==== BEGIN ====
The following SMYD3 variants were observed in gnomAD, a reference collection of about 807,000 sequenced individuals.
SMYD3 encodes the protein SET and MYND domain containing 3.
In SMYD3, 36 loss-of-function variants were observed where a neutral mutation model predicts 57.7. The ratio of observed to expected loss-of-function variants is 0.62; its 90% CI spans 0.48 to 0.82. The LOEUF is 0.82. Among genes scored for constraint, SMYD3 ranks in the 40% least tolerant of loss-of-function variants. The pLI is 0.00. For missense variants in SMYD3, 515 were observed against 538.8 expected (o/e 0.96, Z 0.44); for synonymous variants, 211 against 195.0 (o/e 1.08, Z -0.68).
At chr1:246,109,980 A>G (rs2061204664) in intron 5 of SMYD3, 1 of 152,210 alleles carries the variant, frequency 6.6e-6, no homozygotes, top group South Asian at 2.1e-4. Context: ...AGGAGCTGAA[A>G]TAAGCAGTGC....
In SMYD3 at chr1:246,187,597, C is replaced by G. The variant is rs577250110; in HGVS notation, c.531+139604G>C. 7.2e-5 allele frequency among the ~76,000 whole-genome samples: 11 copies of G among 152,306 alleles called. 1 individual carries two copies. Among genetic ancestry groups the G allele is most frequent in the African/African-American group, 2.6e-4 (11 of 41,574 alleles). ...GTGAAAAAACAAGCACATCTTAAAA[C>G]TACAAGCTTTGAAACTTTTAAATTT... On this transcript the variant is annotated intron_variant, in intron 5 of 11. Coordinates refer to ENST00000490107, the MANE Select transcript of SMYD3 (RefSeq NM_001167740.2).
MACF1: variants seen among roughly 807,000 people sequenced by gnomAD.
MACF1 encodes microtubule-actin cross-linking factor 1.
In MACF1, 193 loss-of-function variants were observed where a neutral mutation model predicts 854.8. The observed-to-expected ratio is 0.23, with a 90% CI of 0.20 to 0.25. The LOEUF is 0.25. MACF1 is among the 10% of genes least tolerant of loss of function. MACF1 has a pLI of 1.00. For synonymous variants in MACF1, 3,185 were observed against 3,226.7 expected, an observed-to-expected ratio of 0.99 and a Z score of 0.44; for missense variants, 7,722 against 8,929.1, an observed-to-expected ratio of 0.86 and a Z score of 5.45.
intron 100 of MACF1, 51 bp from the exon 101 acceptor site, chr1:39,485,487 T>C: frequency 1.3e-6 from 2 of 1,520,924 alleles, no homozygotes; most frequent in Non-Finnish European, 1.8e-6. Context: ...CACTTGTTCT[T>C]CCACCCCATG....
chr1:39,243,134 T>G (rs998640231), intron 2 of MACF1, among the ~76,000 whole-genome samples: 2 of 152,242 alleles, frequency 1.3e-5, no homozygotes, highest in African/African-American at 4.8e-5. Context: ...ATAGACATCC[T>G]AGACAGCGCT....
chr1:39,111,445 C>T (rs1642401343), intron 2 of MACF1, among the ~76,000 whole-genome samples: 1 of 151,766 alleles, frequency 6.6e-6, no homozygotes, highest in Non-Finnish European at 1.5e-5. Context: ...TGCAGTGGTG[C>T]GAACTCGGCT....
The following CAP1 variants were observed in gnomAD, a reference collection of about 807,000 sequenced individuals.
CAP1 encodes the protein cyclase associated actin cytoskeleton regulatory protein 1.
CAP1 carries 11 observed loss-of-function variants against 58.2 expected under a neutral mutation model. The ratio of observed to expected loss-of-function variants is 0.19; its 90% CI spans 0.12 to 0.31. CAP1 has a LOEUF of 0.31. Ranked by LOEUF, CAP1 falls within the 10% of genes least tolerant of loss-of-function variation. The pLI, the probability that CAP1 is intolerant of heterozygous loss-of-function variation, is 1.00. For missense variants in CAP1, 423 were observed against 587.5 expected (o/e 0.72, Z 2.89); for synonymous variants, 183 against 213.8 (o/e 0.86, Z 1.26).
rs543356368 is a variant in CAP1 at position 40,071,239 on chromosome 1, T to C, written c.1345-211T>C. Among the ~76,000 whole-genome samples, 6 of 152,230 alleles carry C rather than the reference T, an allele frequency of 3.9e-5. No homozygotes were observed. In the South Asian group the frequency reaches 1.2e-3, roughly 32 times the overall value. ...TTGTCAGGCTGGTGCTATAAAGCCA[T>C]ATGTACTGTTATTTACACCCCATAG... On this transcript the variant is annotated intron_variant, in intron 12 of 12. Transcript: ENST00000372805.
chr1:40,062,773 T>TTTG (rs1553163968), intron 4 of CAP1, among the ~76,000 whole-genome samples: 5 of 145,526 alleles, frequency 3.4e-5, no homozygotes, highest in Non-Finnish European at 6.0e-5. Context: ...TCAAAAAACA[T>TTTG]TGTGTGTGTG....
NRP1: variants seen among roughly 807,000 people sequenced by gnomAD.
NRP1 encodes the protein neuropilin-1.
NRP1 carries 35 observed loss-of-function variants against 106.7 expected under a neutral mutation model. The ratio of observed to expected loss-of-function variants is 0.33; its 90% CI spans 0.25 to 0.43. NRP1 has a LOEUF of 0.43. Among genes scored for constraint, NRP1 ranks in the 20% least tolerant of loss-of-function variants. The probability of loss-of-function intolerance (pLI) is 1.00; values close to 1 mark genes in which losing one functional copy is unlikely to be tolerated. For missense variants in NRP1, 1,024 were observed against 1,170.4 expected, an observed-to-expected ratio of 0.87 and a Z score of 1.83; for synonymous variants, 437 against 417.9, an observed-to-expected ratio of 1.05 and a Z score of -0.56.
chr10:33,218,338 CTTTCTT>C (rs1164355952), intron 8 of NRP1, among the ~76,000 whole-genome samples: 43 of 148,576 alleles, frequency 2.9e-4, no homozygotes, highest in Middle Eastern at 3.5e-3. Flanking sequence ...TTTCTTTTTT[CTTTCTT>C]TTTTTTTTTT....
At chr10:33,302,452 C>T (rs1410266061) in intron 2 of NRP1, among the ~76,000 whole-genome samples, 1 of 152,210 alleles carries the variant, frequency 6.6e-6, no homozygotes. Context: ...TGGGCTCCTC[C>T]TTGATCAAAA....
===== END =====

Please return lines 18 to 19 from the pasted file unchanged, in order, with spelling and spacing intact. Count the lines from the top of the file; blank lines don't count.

NRP1 encodes the protein neuropilin-1.
NRP1 carries 35 observed loss-of-function variants against 106.7 expected under a neutral mutation model. The ratio of observed to expected loss-of-function variants is 0.33; its 90% CI spans 0.25 to 0.43. NRP1 has a LOEUF of 0.43. Among genes scored for constraint, NRP1 ranks in the 20% least tolerant of loss-of-function variants. The probability of loss-of-function intolerance (pLI) is 1.00; values close to 1 mark genes in which losing one functional copy is unlikely to be tolerated. For missense variants in NRP1, 1,024 were observed against 1,170.4 expected, an observed-to-expected ratio of 0.87 and a Z score of 1.83; for synonymous variants, 437 against 417.9, an observed-to-expected ratio of 1.05 and a Z score of -0.56.